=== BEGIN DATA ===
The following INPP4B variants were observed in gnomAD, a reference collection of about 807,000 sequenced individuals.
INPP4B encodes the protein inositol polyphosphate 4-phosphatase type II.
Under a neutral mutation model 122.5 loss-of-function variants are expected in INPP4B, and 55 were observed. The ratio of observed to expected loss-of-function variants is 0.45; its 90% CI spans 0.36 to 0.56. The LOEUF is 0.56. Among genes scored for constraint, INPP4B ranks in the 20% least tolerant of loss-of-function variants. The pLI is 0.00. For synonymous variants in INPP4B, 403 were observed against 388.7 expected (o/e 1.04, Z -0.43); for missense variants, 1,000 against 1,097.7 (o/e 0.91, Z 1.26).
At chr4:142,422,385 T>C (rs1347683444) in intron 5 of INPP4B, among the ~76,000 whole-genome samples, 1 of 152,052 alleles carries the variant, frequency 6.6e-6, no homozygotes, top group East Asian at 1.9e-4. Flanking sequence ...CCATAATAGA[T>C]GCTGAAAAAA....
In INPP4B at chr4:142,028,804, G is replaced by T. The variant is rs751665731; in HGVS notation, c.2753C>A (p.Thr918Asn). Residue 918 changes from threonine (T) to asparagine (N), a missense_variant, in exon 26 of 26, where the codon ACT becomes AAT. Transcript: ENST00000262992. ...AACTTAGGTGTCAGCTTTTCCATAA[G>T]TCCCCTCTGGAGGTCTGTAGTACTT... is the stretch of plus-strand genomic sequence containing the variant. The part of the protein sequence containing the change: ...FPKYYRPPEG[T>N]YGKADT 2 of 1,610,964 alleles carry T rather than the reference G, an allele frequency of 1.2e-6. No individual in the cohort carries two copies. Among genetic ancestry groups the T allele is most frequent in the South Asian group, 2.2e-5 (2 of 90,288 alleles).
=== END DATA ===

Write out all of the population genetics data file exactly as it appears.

The following INPP4B variants were observed in gnomAD, a reference collection of about 807,000 sequenced individuals.
INPP4B encodes the protein inositol polyphosphate 4-phosphatase type II.
Under a neutral mutation model 122.5 loss-of-function variants are expected in INPP4B, and 55 were observed. The ratio of observed to expected loss-of-function variants is 0.45; its 90% CI spans 0.36 to 0.56. The LOEUF is 0.56. Among genes scored for constraint, INPP4B ranks in the 20% least tolerant of loss-of-function variants. The pLI is 0.00. For synonymous variants in INPP4B, 403 were observed against 388.7 expected (o/e 1.04, Z -0.43); for missense variants, 1,000 against 1,097.7 (o/e 0.91, Z 1.26).
At chr4:142,422,385 T>C (rs1347683444) in intron 5 of INPP4B, among the ~76,000 whole-genome samples, 1 of 152,052 alleles carries the variant, frequency 6.6e-6, no homozygotes, top group East Asian at 1.9e-4. Flanking sequence ...CCATAATAGA[T>C]GCTGAAAAAA....
In INPP4B at chr4:142,028,804, G is replaced by T. The variant is rs751665731; in HGVS notation, c.2753C>A (p.Thr918Asn). Residue 918 changes from threonine (T) to asparagine (N), a missense_variant, in exon 26 of 26, where the codon ACT becomes AAT. Transcript: ENST00000262992. ...AACTTAGGTGTCAGCTTTTCCATAA[G>T]TCCCCTCTGGAGGTCTGTAGTACTT... is the stretch of plus-strand genomic sequence containing the variant. The part of the protein sequence containing the change: ...FPKYYRPPEG[T>N]YGKADT 2 of 1,610,964 alleles carry T rather than the reference G, an allele frequency of 1.2e-6. No individual in the cohort carries two copies. Among genetic ancestry groups the T allele is most frequent in the South Asian group, 2.2e-5 (2 of 90,288 alleles).